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A whipped egg is usually a key ingredient in baking and making delicacies like Soufflé or Meringue buttercream. But can I whip egg whites in a blender in case my hand mixer failed to function? And if yes, how can I do it without ending up with scrambled eggs?
Well, for starters, a blender is the most common appliance in the kitchen. Many consumers usually have it to only make smoothies, but you also can use it as a food processor or kitchen grinder.
Furthermore, a good blender can perform the tasks of a dedicated mixer. And in this guide, we’ll look at the various steps to take when you want to whip egg whites into a cream. Pay attention to the details.
Verdict: Can I Whip Egg Whites in a Blender?
Yes, you can use a blender to whip egg whites into a glossy, firm cream for your baking, meringue cookies, and other recipes. Any countertop Vitamix for juicing and smoothies should be able to deliver on the task better than most, thanks to the:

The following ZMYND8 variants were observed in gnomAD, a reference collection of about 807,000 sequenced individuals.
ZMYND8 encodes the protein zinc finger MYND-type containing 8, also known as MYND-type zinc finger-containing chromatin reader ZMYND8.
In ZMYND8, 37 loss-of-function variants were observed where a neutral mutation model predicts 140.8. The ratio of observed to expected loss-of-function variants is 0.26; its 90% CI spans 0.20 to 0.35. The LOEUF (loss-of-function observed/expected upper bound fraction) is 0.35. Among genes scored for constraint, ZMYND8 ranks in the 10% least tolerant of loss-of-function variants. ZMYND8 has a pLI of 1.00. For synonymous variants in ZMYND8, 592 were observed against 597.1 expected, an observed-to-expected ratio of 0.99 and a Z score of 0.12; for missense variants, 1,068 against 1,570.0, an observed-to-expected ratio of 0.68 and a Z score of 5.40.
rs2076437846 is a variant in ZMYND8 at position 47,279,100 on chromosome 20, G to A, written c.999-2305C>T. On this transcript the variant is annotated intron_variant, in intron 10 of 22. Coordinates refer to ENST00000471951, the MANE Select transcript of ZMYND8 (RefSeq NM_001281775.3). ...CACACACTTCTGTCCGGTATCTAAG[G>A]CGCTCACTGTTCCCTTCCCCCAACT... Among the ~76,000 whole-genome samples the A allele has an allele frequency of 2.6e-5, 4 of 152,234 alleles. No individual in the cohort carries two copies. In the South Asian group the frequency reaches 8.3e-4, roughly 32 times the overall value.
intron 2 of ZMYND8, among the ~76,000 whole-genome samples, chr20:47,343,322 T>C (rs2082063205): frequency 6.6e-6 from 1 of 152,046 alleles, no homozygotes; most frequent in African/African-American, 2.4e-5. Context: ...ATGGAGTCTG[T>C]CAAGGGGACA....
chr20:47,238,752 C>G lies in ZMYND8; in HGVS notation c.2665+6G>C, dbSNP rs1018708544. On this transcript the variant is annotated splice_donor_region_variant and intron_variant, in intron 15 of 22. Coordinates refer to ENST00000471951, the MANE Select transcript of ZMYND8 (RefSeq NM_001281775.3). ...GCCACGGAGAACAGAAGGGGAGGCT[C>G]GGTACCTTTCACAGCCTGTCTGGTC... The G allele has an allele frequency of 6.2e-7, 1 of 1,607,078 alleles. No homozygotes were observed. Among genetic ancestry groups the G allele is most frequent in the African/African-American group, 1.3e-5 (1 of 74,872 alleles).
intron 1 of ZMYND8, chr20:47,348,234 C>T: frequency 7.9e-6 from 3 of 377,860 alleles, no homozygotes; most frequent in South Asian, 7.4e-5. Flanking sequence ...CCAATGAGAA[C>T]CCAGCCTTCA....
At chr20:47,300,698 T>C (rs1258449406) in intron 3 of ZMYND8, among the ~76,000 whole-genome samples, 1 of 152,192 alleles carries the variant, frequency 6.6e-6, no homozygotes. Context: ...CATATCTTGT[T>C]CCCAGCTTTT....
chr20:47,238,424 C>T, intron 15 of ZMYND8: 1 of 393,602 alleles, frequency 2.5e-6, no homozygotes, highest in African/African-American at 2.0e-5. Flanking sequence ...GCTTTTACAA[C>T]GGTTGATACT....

- High-performance motor
- Ten variable speed settings
- Flat stainless steel blades
- Patented Aer disc container
The Importance of Whipping Egg Whites
When you love to do all your cooking, it’s very easy to differentiate waffles or meringues from proper and poorly whipped egg whites. When “Poorly” is the keyword, your whites can be either under-whipped or over-whipped, and they both can impact your recipes in a significant manner. Why is that?
Basically, the egg white is the slimy, see-through part of an egg, made up of protein and water. During the whipping, the available protein strands usually stretch and incorporate air (bubbles) to improve the volume and texture.
If your whipped egg white fails to trap enough air, it might be hard to make the desired meringue topping or cake. And one of the reasons this can happen is from using the wrong tools or having impurities in your mixture.
The impurities, in this case, include not only the dirt from the tools you’re using for the task. But also that tiny outer shell that might have fallen in when breaking your eggs or the greasy walls of the mixing container.
Stop at the Desired Whipped Egg Whites Consistency